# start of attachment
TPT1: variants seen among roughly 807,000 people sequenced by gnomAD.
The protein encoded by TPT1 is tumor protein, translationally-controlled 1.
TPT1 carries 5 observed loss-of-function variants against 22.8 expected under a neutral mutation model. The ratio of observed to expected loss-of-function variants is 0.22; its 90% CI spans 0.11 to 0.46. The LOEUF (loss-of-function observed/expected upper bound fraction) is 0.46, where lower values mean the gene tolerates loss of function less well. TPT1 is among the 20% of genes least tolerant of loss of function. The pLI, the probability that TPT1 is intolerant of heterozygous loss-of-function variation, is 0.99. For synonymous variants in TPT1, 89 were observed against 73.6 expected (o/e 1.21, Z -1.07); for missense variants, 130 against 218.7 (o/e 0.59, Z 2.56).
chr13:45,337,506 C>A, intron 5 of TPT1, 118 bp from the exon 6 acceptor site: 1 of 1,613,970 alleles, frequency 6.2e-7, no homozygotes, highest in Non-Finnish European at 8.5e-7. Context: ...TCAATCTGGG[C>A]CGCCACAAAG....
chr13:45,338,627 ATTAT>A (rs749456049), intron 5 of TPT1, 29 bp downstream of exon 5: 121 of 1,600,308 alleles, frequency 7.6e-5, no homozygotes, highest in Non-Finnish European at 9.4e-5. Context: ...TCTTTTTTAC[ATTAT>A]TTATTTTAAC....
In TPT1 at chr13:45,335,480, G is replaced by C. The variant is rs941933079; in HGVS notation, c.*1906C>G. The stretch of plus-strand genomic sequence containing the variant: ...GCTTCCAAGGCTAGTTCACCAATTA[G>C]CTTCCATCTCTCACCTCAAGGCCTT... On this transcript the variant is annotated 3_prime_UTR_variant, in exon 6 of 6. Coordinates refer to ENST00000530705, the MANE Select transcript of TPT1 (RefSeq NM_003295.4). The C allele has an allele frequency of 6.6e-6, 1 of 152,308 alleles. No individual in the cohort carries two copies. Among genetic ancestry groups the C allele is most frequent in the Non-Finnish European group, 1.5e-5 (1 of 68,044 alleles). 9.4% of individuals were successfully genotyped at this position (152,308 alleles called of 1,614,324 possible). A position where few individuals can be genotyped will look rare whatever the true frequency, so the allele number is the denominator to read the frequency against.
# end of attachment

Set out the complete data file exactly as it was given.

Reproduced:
TPT1: variants seen among roughly 807,000 people sequenced by gnomAD.
The protein encoded by TPT1 is tumor protein, translationally-controlled 1.
TPT1 carries 5 observed loss-of-function variants against 22.8 expected under a neutral mutation model. The ratio of observed to expected loss-of-function variants is 0.22; its 90% CI spans 0.11 to 0.46. The LOEUF (loss-of-function observed/expected upper bound fraction) is 0.46, where lower values mean the gene tolerates loss of function less well. TPT1 is among the 20% of genes least tolerant of loss of function. The pLI, the probability that TPT1 is intolerant of heterozygous loss-of-function variation, is 0.99. For synonymous variants in TPT1, 89 were observed against 73.6 expected (o/e 1.21, Z -1.07); for missense variants, 130 against 218.7 (o/e 0.59, Z 2.56).
chr13:45,337,506 C>A, intron 5 of TPT1, 118 bp from the exon 6 acceptor site: 1 of 1,613,970 alleles, frequency 6.2e-7, no homozygotes, highest in Non-Finnish European at 8.5e-7. Context: ...TCAATCTGGG[C>A]CGCCACAAAG....
chr13:45,338,627 ATTAT>A (rs749456049), intron 5 of TPT1, 29 bp downstream of exon 5: 121 of 1,600,308 alleles, frequency 7.6e-5, no homozygotes, highest in Non-Finnish European at 9.4e-5. Context: ...TCTTTTTTAC[ATTAT>A]TTATTTTAAC....
In TPT1 at chr13:45,335,480, G is replaced by C. The variant is rs941933079; in HGVS notation, c.*1906C>G. The stretch of plus-strand genomic sequence containing the variant: ...GCTTCCAAGGCTAGTTCACCAATTA[G>C]CTTCCATCTCTCACCTCAAGGCCTT... On this transcript the variant is annotated 3_prime_UTR_variant, in exon 6 of 6. Coordinates refer to ENST00000530705, the MANE Select transcript of TPT1 (RefSeq NM_003295.4). The C allele has an allele frequency of 6.6e-6, 1 of 152,308 alleles. No individual in the cohort carries two copies. Among genetic ancestry groups the C allele is most frequent in the Non-Finnish European group, 1.5e-5 (1 of 68,044 alleles). 9.4% of individuals were successfully genotyped at this position (152,308 alleles called of 1,614,324 possible). A position where few individuals can be genotyped will look rare whatever the true frequency, so the allele number is the denominator to read the frequency against.